The government has launched a new funding round to support security-by-design in connected internet of things (IoT) products, with a total pot of £400,000 on offer to support industry-led assurance schemes and proposals.
Launched today by digital minister Matt Warman, the funding scheme will seek to further schemes that demonstrate IoT devices have undergone independent testing – such as is currently available through the BSI – or robust and accredited self-assessment. It said such schemes would be vital in enabling consumers to make security-conscious buying decisions when it came to connected products.
“We are committed to making the UK the safest place to be online and are developing laws to make sure robust security standards for consumer internet-connected products are built in from the start,” said Warman. “This new funding will allow shoppers to be sure the products they are buying have better cyber security and help retailers be confident that they are stocking secure smart products.”
Warman added: “People should continue to change default passwords on their smart devices and regularly update software to help protect themselves from cyber criminals.” He cited research that suggests there will be 75 billion internet-connected devices, such as TV sets, cameras, home assistants and associated services, in homes around the world by 2025.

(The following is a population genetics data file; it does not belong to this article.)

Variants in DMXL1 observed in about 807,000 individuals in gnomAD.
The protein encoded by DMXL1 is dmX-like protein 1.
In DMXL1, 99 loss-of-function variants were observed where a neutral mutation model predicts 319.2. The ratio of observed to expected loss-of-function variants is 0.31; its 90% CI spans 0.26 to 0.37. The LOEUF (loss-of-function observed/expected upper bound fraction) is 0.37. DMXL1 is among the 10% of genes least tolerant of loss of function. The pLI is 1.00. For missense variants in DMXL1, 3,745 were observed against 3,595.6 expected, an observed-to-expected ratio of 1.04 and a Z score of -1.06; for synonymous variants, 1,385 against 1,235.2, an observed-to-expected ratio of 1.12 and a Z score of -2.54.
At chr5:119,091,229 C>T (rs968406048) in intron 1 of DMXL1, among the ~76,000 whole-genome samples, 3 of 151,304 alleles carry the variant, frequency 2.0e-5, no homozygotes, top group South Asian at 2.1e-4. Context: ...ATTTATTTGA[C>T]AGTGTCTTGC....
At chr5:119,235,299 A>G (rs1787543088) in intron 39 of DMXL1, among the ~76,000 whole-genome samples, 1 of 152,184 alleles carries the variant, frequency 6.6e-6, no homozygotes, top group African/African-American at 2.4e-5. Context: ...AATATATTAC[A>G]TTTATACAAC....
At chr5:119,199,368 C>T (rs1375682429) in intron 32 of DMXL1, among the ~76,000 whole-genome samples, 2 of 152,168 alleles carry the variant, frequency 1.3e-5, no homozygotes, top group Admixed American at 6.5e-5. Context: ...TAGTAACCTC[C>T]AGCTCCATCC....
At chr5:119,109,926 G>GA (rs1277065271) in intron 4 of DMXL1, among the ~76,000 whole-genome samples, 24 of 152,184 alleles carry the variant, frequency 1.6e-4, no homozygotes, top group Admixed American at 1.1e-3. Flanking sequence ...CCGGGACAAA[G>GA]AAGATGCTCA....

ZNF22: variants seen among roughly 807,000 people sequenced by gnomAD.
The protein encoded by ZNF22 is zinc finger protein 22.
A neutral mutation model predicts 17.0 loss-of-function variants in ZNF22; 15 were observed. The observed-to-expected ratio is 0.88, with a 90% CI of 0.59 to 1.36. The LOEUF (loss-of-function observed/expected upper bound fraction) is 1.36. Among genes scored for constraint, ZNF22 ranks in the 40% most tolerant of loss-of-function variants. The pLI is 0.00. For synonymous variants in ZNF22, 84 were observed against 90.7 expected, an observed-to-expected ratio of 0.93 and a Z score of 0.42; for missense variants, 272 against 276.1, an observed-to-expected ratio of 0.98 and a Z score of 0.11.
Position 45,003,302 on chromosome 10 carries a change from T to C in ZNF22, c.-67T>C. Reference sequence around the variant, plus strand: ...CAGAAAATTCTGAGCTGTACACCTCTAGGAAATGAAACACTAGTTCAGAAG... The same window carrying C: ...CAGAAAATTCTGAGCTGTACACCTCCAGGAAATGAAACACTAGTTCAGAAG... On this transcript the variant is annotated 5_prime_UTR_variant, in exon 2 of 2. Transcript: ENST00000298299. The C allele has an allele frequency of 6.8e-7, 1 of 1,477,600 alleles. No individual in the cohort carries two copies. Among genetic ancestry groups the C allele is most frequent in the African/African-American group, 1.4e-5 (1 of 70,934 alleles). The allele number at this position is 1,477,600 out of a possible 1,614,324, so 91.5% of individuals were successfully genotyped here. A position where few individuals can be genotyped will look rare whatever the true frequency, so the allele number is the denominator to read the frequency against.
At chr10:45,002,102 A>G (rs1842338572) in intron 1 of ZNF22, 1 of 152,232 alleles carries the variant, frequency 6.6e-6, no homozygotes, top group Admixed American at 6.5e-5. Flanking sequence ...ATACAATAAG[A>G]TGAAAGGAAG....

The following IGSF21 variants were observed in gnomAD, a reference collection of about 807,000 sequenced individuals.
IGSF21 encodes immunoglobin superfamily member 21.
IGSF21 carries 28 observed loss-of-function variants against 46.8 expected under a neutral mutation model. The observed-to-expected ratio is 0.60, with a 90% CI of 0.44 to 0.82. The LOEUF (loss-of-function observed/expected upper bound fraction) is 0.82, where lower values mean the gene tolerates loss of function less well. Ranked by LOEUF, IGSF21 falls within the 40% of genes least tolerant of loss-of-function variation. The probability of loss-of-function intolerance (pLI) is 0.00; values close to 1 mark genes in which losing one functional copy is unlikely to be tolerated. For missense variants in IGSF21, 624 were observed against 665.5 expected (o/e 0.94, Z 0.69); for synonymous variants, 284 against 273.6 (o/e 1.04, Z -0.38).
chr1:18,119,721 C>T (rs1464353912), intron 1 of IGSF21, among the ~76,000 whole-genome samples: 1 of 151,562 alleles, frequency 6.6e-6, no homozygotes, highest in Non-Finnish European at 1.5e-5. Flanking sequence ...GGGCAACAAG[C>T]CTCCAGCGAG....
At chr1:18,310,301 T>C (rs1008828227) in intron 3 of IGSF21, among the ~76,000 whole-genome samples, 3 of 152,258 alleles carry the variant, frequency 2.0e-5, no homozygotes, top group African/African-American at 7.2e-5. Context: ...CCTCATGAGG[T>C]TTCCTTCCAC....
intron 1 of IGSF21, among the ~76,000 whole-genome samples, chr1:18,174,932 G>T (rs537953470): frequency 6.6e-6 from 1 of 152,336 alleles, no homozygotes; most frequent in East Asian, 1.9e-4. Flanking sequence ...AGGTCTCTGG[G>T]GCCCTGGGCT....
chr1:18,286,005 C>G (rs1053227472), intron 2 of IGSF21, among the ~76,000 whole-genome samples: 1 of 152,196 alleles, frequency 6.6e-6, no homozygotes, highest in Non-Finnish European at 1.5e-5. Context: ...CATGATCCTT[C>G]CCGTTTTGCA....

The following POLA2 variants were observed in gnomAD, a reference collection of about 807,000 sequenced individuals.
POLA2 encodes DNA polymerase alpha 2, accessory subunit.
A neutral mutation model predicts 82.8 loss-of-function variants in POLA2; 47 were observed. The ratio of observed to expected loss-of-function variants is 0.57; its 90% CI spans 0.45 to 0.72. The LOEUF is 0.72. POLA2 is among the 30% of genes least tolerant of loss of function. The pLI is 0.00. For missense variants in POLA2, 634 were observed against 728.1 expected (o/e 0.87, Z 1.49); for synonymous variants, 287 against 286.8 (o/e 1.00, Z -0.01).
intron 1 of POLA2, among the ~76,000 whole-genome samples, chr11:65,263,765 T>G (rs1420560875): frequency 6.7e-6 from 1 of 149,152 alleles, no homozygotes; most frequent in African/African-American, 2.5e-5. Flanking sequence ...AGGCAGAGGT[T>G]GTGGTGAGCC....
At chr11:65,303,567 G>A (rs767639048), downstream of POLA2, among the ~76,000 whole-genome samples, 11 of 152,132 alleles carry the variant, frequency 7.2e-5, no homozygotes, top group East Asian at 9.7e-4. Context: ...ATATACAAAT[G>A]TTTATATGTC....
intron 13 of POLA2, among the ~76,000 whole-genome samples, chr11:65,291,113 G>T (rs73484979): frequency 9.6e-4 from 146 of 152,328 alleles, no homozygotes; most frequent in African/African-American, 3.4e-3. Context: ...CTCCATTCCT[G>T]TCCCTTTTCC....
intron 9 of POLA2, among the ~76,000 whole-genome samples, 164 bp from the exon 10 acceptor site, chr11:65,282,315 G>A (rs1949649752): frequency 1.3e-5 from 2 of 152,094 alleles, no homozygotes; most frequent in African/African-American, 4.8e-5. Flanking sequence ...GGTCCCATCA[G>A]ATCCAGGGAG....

This huge number of – often highly vulnerable and badly designed – products presents an opportunity to cyber criminals that may prove too tempting to pass up, and high-profile incidents occur frequently. They do not always affect cheap, off-brand devices, either – in November 2019, Amazon was in the spotlight after a flaw was found in its Ring Pro connected doorbell devices that left users open to a man-in-the-middle attack.
Meanwhile, the government continues to progress legislation that will bring into law minimum cyber security requirements for smart, connected devices.
Developed alongside the UK’s National Cyber Security Centre, these will be some of the most rigorous IoT laws in the world, and will guarantee, among other things, that device passwords are unique and not resettable to a universal factory setting; that manufacturers have a public point of contact for vulnerability reporting; and that manufacturers state the minimum length of time for which their product will receive updates and security patches.
The legislation is designed to enhance a voluntary Secure by Design code of practice for consumer IoT goods, which the government introduced back in 2018. This code sets a standard for stronger security measures to be designed into IoT products, and is backed by, among others, Centrica Hiva, HP Inc Geo and Panasonic.